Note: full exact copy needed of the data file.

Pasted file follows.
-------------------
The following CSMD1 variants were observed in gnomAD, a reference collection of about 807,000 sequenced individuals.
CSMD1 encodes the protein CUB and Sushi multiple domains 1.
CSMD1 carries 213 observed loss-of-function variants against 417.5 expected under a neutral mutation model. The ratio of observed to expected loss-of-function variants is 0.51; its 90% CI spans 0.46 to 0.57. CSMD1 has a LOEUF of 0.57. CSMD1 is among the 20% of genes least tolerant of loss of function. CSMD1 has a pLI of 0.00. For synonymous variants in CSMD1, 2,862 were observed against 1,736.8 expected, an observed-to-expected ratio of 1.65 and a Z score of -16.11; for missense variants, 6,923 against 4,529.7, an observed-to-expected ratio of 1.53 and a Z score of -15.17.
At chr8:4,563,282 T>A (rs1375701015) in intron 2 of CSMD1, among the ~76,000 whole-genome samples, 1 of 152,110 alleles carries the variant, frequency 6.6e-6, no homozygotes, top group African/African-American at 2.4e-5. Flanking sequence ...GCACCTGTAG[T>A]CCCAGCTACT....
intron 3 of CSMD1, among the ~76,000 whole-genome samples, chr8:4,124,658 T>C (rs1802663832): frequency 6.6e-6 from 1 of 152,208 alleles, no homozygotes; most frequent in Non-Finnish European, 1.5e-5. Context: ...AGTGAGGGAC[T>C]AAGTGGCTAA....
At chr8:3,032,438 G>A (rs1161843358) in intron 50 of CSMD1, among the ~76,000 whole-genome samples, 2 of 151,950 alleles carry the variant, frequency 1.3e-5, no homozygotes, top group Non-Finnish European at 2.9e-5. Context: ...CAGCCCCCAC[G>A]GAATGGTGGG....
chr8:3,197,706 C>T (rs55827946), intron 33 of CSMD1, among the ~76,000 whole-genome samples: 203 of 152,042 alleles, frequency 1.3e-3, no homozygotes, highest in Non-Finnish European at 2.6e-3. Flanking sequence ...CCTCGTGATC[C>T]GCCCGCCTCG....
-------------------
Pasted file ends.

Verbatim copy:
The following CSMD1 variants were observed in gnomAD, a reference collection of about 807,000 sequenced individuals.
CSMD1 encodes the protein CUB and Sushi multiple domains 1.
CSMD1 carries 213 observed loss-of-function variants against 417.5 expected under a neutral mutation model. The ratio of observed to expected loss-of-function variants is 0.51; its 90% CI spans 0.46 to 0.57. CSMD1 has a LOEUF of 0.57. CSMD1 is among the 20% of genes least tolerant of loss of function. CSMD1 has a pLI of 0.00. For synonymous variants in CSMD1, 2,862 were observed against 1,736.8 expected, an observed-to-expected ratio of 1.65 and a Z score of -16.11; for missense variants, 6,923 against 4,529.7, an observed-to-expected ratio of 1.53 and a Z score of -15.17.
At chr8:4,563,282 T>A (rs1375701015) in intron 2 of CSMD1, among the ~76,000 whole-genome samples, 1 of 152,110 alleles carries the variant, frequency 6.6e-6, no homozygotes, top group African/African-American at 2.4e-5. Flanking sequence ...GCACCTGTAG[T>A]CCCAGCTACT....
intron 3 of CSMD1, among the ~76,000 whole-genome samples, chr8:4,124,658 T>C (rs1802663832): frequency 6.6e-6 from 1 of 152,208 alleles, no homozygotes; most frequent in Non-Finnish European, 1.5e-5. Context: ...AGTGAGGGAC[T>C]AAGTGGCTAA....
At chr8:3,032,438 G>A (rs1161843358) in intron 50 of CSMD1, among the ~76,000 whole-genome samples, 2 of 151,950 alleles carry the variant, frequency 1.3e-5, no homozygotes, top group Non-Finnish European at 2.9e-5. Context: ...CAGCCCCCAC[G>A]GAATGGTGGG....
chr8:3,197,706 C>T (rs55827946), intron 33 of CSMD1, among the ~76,000 whole-genome samples: 203 of 152,042 alleles, frequency 1.3e-3, no homozygotes, highest in Non-Finnish European at 2.6e-3. Flanking sequence ...CCTCGTGATC[C>T]GCCCGCCTCG....